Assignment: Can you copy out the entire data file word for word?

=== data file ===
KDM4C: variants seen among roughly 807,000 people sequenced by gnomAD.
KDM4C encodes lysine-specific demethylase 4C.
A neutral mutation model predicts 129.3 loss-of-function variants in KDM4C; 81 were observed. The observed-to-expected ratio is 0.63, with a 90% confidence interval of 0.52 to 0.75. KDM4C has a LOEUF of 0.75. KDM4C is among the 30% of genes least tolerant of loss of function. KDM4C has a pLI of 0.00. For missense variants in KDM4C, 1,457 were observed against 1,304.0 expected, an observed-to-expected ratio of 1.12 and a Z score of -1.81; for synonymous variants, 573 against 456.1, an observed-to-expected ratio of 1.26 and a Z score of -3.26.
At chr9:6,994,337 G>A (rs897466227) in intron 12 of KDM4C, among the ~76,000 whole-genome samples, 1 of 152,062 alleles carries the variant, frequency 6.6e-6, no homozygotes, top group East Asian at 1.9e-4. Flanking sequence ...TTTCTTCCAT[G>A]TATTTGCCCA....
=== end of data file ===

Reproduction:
KDM4C: variants seen among roughly 807,000 people sequenced by gnomAD.
KDM4C encodes lysine-specific demethylase 4C.
A neutral mutation model predicts 129.3 loss-of-function variants in KDM4C; 81 were observed. The observed-to-expected ratio is 0.63, with a 90% confidence interval of 0.52 to 0.75. KDM4C has a LOEUF of 0.75. KDM4C is among the 30% of genes least tolerant of loss of function. KDM4C has a pLI of 0.00. For missense variants in KDM4C, 1,457 were observed against 1,304.0 expected, an observed-to-expected ratio of 1.12 and a Z score of -1.81; for synonymous variants, 573 against 456.1, an observed-to-expected ratio of 1.26 and a Z score of -3.26.
At chr9:6,994,337 G>A (rs897466227) in intron 12 of KDM4C, among the ~76,000 whole-genome samples, 1 of 152,062 alleles carries the variant, frequency 6.6e-6, no homozygotes, top group East Asian at 1.9e-4. Flanking sequence ...TTTCTTCCAT[G>A]TATTTGCCCA....